Once the top stitching was completed, I trimmed off the excess fabric VERY close to the stitching
Step 6: Step 6 Create the Bow
I started out measuring the finished width of the purse (MINE measures 14.5 inches). Because of the design on the sleeves I decided to only use the striped pieces, so I would have to piece the bow together.
I cut off the cap of the sleeve, leaving a straight edge. Next I measured, marked, and cut down 7.5 inches on each sleeve.....making sure that I cut on the same color of stripe on each sleeve. If you are using a solid color that won't be an issue.
I opened the sleeve with RIGHT sides together, keeping the seam in the middle, pin, and sew across to finish one end. Turn Right sides OUT, making sure that the corners are nice, and square (use a blunt object to poke the corners out).
Top stitch the double rows around each side of the bow. Overlap each side of the bow 1 inch. With your fingers "PLEAT/GATHER" the bows together for a uniform look. I tightly wrapped thread around it to hold this in place until I could more securely sew the gathers in place by hand.
I cut a small piece from the scraps that was long enough to go around the middle of the bow and overlap in the back.
Step 7: Step 7 Attaching the Handles
Before attaching the handles I decided I wanted to add "tails" to the purse, so it looks like the ends of a bow. I cut scrap fabric to fit, and did the double rows of top stitching. I made sure that none of the attaching stitches would show once the bow was applied.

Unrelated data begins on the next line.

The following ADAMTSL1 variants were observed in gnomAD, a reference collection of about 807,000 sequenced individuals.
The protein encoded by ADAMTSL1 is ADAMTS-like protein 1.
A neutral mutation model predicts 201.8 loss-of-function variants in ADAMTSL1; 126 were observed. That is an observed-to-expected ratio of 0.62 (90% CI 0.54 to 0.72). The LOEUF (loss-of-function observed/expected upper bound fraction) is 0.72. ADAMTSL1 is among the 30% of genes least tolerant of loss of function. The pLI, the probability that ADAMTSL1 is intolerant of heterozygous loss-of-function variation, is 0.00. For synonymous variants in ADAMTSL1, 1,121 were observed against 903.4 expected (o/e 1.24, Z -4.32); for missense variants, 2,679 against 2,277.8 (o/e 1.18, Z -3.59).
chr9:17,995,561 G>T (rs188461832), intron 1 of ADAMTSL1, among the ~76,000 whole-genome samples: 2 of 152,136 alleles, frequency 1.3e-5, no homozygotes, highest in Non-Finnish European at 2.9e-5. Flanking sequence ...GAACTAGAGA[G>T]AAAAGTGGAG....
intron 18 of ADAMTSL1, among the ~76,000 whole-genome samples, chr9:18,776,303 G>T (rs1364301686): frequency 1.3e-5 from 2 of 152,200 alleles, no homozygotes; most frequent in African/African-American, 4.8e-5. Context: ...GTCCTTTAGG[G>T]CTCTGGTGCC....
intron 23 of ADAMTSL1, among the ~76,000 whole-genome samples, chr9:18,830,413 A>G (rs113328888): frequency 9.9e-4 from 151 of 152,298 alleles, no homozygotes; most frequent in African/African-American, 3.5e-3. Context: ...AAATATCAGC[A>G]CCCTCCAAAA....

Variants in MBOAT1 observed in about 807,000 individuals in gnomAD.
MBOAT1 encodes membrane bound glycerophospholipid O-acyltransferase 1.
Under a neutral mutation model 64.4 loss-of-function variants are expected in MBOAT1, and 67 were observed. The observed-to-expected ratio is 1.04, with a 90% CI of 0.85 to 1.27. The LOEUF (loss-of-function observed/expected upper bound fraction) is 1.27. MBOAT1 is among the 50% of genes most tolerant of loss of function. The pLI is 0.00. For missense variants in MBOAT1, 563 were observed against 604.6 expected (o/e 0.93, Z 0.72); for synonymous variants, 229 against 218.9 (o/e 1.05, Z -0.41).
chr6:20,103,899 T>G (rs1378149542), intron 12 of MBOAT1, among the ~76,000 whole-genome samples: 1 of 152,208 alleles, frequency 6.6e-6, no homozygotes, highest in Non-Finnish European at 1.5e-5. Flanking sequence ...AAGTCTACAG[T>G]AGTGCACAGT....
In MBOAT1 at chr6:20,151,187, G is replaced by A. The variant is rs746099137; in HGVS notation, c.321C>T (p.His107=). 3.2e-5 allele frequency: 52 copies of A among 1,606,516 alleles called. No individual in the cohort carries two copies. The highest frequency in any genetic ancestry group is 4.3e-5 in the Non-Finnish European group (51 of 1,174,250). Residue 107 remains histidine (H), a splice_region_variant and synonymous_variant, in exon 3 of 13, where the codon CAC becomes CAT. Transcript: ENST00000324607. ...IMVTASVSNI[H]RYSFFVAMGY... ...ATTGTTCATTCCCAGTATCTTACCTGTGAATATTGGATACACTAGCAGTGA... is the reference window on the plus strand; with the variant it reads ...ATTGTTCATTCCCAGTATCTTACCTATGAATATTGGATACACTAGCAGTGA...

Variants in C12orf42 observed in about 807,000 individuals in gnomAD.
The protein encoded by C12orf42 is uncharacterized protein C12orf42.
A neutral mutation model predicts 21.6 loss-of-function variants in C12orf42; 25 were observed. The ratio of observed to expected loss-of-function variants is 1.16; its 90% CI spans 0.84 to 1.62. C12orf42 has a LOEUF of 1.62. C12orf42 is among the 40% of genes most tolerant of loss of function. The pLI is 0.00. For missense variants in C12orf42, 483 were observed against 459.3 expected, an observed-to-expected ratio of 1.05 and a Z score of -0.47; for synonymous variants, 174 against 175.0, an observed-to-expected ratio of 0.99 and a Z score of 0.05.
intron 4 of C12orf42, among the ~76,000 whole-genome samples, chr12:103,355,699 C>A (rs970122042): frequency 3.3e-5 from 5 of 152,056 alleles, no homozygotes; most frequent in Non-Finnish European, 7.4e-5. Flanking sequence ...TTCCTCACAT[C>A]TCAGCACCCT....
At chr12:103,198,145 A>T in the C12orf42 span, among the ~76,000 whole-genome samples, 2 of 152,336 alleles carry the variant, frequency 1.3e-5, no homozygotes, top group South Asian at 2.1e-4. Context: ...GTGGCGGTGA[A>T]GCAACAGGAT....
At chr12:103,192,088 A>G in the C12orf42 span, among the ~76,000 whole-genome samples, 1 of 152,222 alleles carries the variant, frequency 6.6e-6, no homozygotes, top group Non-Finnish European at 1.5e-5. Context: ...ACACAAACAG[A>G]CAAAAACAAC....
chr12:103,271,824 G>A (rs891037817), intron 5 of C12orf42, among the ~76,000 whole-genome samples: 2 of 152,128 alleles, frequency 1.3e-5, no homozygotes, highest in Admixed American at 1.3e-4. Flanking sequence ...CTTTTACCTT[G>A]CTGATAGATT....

Once I determined where I wanted the handles placed. I cut 2 pieces (6.5 X 4) from the scraps of the sweater that would hold the handles in place with one piece on each side.
I determined the middle of both the bag, and the handle, then looped the attachment over the handle, and pinned it in place. I then sewed the piece in place making sure to remove the pins just prior to sewing over them (NEVER a good idea....hitting a pin can break the needle). Once I was happy with the placement, I repeated it on the other side. I trimmed the excess fabric from both sides.
I attached the tails making sure that none of the attaching stitches would show once the bow was applied.
Step 8: Step 8 Attach Bow
Position the bow to cover the "tails" and with matching thread hand sew.....or "tack" the bow in place. I like to only tack it in place enough to hold it from flapping, yet I want it to be more "fluid" and flexable. I did securely hand sew the center of the bow in place.
VIOLA You're done! Enjoy
Step 9: Step 8 Other Ideas
I'm posting a picture of another purse. This one was made from a sweater set, so I had much more felted wool to work with. I made the bow on this one more 3D because I had pieced together one big long strip, that I looped around to form a "real" looking bow. I attached the "tails" the same way as I did on the Instructable.
I also added a magnetic closure, and little metal "feet" that I purchased at the craft store.
Next time I will combine parts from more than 1 sweater to vary the look.